Gerald Weinberg’s book “Quality Software Management: Systems Thinking” is nearly 30 years old. While it’s not one of the most highly-read and recommended Agile classics, its the source of a frequently quoted table of data:
(Source: Weinberg, Gerald M. (1992) Quality Software Management: Systems Thinking. Dorset House, p. 284.)
Visualized as a graph, the waste caused by context switching really stands out:
Worse, the waste caused by project switching isn’t due only to the losses related to cognitive overhead. Failure to prioritize often leads to less revenue and even building the wrong product.
(Credit where credit is due: I first saw a version of the following illustrations from Jeff Sutherland, who adapted it from Henrik Kniberg. I’ve expanded on them a bit.)
Let’s suppose your company wishes to ship three products: A, B, and C. To ship a product, a development team must complete tasks 1, 2, and 3 corresponding to that product:
Most companies are not very good at prioritizing work. As a consequence, the prevailing belief is: “Everything is important. Get started on everything immediately!” The traditional delivery timeline might look like this:
Notice that we are interleaving each task and that products A, B, and C are ready at roughly the same time, several months after we started.
You could also represent the traditional approach on a roadmap, like this:
The Agile approach is very different. Instead, we proactively prioritize the work and focus on limiting our work in process:
There are at least three significant advantages to this Agile approach.
First, we lose 20% or more of our productivity in the traditional approach due to context switching waste. In this example, the company could go about twice as quickly if they switched to developing one product at a time instead of three.
Second, it gets worse, though! Because we have nearly finished products B and C before finishing A, we had to do nearly three times the work (not including the context-switching waste) before we could ship Product A (in late May). Had we prioritized and focused, we would have been able to ship Product A in early February. Had we done so, we may have been able to collect revenue and feedback from our customers starting nearly four months earlier. In fact, the savings from not context-switching between projects may mean that we could ship products A, B, and C before we would have been able to ship just A in the traditional model.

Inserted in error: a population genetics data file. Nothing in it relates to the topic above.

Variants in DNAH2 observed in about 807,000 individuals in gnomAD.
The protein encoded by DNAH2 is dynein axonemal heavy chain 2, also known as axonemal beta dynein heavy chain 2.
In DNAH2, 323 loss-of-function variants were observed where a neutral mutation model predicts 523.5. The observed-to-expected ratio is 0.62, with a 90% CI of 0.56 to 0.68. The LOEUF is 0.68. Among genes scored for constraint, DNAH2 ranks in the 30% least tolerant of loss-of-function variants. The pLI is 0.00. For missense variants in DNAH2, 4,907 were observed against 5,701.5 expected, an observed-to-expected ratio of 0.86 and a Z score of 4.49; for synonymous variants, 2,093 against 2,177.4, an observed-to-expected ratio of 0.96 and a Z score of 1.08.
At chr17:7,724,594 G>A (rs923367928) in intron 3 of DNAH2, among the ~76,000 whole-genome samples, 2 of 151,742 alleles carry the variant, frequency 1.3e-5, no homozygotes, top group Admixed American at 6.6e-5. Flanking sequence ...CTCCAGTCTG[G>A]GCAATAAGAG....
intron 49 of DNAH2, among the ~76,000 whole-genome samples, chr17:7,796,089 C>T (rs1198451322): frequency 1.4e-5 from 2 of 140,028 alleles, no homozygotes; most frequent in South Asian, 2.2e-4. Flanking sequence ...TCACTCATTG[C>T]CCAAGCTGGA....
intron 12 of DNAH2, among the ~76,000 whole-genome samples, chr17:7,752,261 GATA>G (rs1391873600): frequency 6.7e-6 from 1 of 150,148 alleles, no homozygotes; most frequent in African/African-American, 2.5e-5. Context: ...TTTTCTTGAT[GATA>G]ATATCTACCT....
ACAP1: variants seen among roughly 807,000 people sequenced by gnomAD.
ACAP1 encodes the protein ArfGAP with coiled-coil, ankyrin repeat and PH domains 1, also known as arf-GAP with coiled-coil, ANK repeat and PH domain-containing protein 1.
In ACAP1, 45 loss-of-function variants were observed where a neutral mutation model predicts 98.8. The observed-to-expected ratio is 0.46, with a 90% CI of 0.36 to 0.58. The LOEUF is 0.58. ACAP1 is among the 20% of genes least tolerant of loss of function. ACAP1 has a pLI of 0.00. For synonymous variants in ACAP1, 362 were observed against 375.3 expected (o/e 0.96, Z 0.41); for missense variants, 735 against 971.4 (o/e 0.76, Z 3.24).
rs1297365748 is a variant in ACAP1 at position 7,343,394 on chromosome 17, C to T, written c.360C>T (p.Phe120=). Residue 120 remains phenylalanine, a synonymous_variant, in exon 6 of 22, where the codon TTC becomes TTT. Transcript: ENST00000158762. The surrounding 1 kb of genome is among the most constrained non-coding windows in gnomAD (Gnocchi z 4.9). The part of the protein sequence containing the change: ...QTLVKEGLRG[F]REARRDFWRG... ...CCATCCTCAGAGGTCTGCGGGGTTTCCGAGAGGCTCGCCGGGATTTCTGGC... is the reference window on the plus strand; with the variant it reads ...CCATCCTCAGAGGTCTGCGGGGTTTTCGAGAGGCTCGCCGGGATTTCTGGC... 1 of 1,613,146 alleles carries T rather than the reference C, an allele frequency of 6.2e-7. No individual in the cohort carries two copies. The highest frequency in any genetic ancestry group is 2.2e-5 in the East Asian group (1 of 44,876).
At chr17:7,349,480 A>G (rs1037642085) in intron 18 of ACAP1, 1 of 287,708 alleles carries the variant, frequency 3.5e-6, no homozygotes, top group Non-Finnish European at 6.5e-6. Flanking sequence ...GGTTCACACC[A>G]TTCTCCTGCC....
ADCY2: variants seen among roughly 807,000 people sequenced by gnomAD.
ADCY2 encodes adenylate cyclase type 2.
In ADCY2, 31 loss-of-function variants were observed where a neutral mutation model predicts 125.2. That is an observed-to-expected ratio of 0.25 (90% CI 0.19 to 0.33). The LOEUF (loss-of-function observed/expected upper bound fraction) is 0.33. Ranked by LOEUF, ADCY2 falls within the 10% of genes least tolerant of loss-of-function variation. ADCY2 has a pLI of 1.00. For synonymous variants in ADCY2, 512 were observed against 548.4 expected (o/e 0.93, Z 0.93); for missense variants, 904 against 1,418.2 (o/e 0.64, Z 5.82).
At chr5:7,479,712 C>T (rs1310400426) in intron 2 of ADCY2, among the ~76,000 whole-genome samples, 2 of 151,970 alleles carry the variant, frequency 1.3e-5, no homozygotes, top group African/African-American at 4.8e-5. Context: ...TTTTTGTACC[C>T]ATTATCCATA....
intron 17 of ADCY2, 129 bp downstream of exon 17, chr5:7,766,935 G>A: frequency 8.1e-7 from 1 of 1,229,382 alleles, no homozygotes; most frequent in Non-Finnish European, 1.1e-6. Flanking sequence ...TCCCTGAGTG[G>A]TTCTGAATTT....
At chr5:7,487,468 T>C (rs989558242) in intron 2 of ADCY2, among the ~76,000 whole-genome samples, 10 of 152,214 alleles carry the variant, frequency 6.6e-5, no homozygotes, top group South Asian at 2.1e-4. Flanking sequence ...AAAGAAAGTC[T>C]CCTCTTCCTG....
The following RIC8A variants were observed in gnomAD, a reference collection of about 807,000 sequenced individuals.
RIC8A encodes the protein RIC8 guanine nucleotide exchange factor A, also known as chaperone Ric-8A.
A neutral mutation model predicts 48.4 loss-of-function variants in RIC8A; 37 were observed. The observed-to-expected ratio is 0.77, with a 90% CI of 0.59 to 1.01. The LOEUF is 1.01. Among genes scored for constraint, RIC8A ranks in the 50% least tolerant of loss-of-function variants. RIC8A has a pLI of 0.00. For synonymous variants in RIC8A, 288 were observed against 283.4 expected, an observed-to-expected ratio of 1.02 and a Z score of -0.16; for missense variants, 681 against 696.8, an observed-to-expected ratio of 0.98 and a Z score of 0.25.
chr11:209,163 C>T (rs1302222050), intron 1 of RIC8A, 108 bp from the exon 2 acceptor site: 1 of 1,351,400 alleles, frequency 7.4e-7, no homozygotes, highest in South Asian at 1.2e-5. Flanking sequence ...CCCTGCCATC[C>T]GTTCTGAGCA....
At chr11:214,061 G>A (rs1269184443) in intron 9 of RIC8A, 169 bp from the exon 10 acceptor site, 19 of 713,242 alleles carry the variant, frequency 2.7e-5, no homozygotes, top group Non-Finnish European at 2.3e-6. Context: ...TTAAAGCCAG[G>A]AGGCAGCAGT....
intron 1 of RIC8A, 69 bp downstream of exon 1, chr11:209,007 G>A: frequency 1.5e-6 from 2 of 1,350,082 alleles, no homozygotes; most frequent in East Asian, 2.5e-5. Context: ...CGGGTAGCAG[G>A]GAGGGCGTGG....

Third: products are rarely independent, and building the wrong product can be costly. In this example, we believed before starting the work that the customer needed Product C. We took the Agile approach and built A (more valuable and/or cheaper) first. When we delivered A to our customers in early February, we learned that they liked it a lot and didn’t need C after all. Instead, they wanted us to work on D. We took February to finish most of B and get the initial prototypes for D built.
So, we can see that prioritization and focus serve everyone: developers, stakeholders, and customers. Further, good prioritization is often not a zero-sum game. Many stakeholders will argue aggressively for their product to be worked on right away (and it’s no surprise: they may even have a bonus tied to it being completed by a certain date). However, the waste caused by project switching and the cost of delay is so significant that failure to prioritize may make all stakeholders worse off. In this case, the stakeholders behind projects A, B, and C agreed to prioritize based on the cost of delay and all were better off than if they had insisted that everyone’s work be tackled at once.
What’s next? How to prioritize the work, coming soon.